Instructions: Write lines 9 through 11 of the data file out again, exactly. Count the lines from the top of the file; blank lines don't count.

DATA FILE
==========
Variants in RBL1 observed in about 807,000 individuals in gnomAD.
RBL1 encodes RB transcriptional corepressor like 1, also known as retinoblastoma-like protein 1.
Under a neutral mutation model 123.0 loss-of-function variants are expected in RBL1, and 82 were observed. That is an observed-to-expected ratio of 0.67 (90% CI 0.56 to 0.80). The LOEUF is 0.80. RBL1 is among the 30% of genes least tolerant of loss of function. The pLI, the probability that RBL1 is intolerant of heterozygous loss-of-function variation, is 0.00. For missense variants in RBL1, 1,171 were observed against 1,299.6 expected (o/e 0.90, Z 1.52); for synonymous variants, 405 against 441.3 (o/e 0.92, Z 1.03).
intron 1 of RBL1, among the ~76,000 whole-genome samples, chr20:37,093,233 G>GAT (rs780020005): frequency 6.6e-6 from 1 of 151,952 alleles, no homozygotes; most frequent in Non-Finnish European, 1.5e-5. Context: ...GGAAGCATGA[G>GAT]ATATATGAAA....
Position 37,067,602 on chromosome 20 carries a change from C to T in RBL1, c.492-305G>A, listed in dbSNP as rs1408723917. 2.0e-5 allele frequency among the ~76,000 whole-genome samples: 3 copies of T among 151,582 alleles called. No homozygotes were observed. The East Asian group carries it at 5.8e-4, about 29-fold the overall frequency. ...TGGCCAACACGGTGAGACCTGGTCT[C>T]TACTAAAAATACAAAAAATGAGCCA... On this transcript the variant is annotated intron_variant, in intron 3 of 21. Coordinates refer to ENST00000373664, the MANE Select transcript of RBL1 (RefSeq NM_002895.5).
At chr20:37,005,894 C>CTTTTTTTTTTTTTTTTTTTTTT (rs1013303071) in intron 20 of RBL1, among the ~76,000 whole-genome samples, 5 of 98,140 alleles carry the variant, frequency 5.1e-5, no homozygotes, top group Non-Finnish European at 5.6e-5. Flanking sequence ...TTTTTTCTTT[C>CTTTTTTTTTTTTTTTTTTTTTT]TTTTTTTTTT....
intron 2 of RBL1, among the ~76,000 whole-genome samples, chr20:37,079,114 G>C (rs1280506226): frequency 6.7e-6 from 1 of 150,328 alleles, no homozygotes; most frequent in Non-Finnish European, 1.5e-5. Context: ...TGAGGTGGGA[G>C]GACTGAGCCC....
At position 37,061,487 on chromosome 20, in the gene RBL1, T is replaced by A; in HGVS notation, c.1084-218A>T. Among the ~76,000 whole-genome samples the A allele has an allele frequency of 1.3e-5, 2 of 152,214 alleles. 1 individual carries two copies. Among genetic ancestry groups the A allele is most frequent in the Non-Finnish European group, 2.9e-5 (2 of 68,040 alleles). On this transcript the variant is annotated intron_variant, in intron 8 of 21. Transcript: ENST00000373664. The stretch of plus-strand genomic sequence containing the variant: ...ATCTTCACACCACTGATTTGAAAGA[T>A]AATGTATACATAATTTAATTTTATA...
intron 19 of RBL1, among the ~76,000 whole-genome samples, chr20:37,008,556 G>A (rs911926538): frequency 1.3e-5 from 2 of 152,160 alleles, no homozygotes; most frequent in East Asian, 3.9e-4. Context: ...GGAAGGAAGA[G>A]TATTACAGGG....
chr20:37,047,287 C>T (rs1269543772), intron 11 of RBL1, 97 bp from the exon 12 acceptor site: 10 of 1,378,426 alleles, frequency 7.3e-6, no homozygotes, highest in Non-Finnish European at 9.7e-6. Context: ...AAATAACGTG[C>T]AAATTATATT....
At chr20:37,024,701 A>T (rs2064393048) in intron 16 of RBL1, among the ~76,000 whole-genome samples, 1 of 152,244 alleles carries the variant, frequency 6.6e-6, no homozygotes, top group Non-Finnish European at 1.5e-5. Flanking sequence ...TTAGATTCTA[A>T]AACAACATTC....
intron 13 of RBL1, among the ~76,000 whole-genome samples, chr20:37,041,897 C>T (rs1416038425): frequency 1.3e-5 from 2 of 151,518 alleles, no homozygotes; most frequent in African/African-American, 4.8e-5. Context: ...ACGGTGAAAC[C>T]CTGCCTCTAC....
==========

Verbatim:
intron 19 of RBL1, among the ~76,000 whole-genome samples, chr20:37,008,556 G>A (rs911926538): frequency 1.3e-5 from 2 of 152,160 alleles, no homozygotes; most frequent in East Asian, 3.9e-4. Context: ...GGAAGGAAGA[G>A]TATTACAGGG....
chr20:37,047,287 C>T (rs1269543772), intron 11 of RBL1, 97 bp from the exon 12 acceptor site: 10 of 1,378,426 alleles, frequency 7.3e-6, no homozygotes, highest in Non-Finnish European at 9.7e-6. Context: ...AAATAACGTG[C>T]AAATTATATT....
At chr20:37,024,701 A>T (rs2064393048) in intron 16 of RBL1, among the ~76,000 whole-genome samples, 1 of 152,244 alleles carries the variant, frequency 6.6e-6, no homozygotes, top group Non-Finnish European at 1.5e-5. Flanking sequence ...TTAGATTCTA[A>T]AACAACATTC....